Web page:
According to Stratfor, there are numerous anomalies about Oswald’s time in Russia, including how the two were able to get permission to marry (a requirement for any Soviet citizen marrying a foreigner), as well as why Marina, an upper-middle class woman with an uncle in the government, would agree to marry an American defector with little prospects whom she had just met one month before.

In early 1962, Oswald, Marina and their daughter left the Soviet Union for the United States. As Stratfor points out, Marina Oswald was granted permission to leave the the country with an American defector within weeks of her request, an extremely rare, if not completely unheard of, turnaround. Why? Conspiracy theorists point to questions like these as evidence of Soviet involvement in the assassination of JFK.

5.) The Cubans Killed JFK

There are two separate sub-theories surrounding Cuba and the JFK assassination. The first, as ABC News points out, is that Castro had JFK assassinated in retaliation for the numerous attempts on his life during the Kennedy administration, courtesy of both the CIA and the Mafia. In 1968, Johnson told ABC News that “Kennedy was trying to get to Castro, but Castro got to him first.”

During an interview with Bill Moyers in 1977, Castro said the theory was “absolute insanity.”

The second, perhaps more plausible, theory involves a mixture of militant anti-Castro Cuban exiles in Miami, the Mafia and the CIA. As the Mary Ferrell Foundation points out, the anti-Castro Cubans were enraged by Kennedy’s failure to provide crucial air support during the Bay of Pigs invasion. This could have been seen as emblematic of Kennedy’s “soft” approach to communism, a charge that had already been leveled at him after he chose not to invade Cuba during the Cuban Missile Crisis. Did anti-Castro Cubans, working in conjunction with the CIA and the Mafia, assassinate JFK?



Thanks to Andrew Berry.

Tuesday, November 12, 2013

The CIA Conspiracy to Murder John F. Kennedy is Explored on #CrimeBeatRadio

On November 14th, a command appearance by Peter Janney, author of Mary’s Mosaic: The CIA Conspiracy to Murder John F. Kennedy, on Crime Beat Radio.

Crime Beat is a weekly hour-long radio program that airs every Thursday at 8 p.m. EST. Crime Beat presents fascinating topics that bring listeners closer to the dynamic underbelly of the world of crime. Guests have included ex-mobsters, undercover law enforcement agents, sports officials, informants, prisoners, drug dealers and investigative journalists, who have provided insights and fresh information about the world’s most fascinating subject: crime.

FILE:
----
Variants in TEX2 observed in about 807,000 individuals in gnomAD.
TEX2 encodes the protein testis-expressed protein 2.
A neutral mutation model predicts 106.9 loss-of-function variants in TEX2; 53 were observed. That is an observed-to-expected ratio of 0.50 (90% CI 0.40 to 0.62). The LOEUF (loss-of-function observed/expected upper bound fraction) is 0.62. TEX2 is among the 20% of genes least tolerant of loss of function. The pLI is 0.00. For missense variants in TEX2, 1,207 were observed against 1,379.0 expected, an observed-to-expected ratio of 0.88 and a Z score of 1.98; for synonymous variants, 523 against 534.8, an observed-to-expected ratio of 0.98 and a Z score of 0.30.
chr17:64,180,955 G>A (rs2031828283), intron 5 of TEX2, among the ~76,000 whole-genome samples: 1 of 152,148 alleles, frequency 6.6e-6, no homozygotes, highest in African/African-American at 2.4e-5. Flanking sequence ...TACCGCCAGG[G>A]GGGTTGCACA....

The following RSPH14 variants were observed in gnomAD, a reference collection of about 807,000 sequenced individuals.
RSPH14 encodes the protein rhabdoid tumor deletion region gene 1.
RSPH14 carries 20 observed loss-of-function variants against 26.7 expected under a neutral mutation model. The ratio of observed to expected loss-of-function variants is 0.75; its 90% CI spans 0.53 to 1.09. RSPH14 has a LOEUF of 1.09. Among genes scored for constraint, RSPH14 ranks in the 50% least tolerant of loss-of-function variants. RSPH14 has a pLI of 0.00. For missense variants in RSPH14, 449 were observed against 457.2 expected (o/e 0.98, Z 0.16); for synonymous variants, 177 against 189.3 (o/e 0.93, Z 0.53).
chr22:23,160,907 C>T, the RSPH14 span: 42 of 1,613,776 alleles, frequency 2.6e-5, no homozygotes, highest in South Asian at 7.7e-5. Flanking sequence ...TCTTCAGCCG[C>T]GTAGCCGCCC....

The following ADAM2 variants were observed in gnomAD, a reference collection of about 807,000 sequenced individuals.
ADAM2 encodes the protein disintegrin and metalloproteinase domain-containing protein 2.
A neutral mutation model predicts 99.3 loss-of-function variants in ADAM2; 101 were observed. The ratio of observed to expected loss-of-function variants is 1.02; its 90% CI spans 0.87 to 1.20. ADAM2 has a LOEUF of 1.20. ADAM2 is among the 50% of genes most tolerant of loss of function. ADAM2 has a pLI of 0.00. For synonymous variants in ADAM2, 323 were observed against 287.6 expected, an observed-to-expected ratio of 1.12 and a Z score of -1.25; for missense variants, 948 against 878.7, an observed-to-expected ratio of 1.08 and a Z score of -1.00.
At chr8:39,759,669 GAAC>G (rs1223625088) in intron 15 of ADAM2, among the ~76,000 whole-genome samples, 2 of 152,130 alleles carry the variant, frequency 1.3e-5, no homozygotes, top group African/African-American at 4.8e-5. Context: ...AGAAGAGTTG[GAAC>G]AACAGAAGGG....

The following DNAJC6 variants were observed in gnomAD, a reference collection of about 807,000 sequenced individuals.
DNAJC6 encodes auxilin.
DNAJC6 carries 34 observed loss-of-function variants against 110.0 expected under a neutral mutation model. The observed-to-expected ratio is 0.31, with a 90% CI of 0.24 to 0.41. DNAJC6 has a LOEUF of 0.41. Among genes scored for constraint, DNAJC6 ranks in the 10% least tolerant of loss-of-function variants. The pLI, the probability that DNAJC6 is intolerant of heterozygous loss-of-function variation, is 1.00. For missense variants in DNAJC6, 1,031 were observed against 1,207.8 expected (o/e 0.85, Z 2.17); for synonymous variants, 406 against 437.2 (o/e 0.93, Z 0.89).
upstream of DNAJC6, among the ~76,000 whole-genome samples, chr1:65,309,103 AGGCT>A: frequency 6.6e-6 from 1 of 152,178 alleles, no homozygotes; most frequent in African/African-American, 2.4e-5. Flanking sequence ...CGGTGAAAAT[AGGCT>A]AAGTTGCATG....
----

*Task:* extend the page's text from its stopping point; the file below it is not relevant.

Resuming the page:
Thursday, November 07, 2013

The Man Who Killed Kennedy: The Case Against LBJ, Tonight on #CrimeBeatRadio

On November 7th, Roger Stone and Mike Colapietro, co-authors of "The Man Who Killed Kennedy: The Case Against LBJ" appear on Crime Beat Radio.

Crime Beat is a weekly hour-long radio program that airs every Thursday at 8 p.m. EST. Crime Beat presents fascinating topics that bring listeners closer to the dynamic underbelly of the world of crime. Guests have included ex-mobsters, undercover law enforcement agents, sports officials, informants, prisoners, drug dealers and investigative journalists, who have provided insights and fresh information about the world’s most fascinating subject: crime.

Tuesday, October 22, 2013

"The JFK Collection" On DVD - 8 Films Covering His Life, His Death and His Legacy

HISTORY presents The JFK Collection, an impressive 3-disc DVD set exploring one of America’s most legendary families available on October 22 from Lionsgate Home Entertainment. Chronicling the life and legacy of our nation’s 35th President John F. Kennedy, the 8-film collection arrives just in time for the 50th anniversary of one of the most talked about moments in American history.

Featuring hours of content celebrating his iconic life, The JFK Collection 3-disc DVD set will be available for the suggested retail price of $19.98.

Go inside the life of John F. Kennedy, a reckless rich kid who lived on the edge and became a WWII hero and a president who challenged the nation as it had never been before. This comprehensive family portrait also includes hour-long biographies of Jacqueline Kennedy Onassis, Joseph P. Kennedy, Robert F. Kennedy, John F. Kennedy, Jr. and Ted Kennedy.

Monday, October 14, 2013

The Interloper: Lee Harvey Oswald Inside the Soviet Union

Lee Harvey Oswald’s assassination of President Kennedy in 1963 remains one of the most horrifying and hotly debated crimes in American history. Just as perplexing as the assassination is the assassin himself; the 24-year-old Oswald’s hazy background and motivations—and his subsequent murder at the hands of Jack Ruby—make him an intriguing yet frustratingly enigmatic figure. Because Oswald briefly defected to the Soviet Union, some historians allege he was a Soviet agent. But as Peter Savodnik shows in The Interloper, Oswald’s time in the U.S.S.R. reveals a stranger, more chilling story.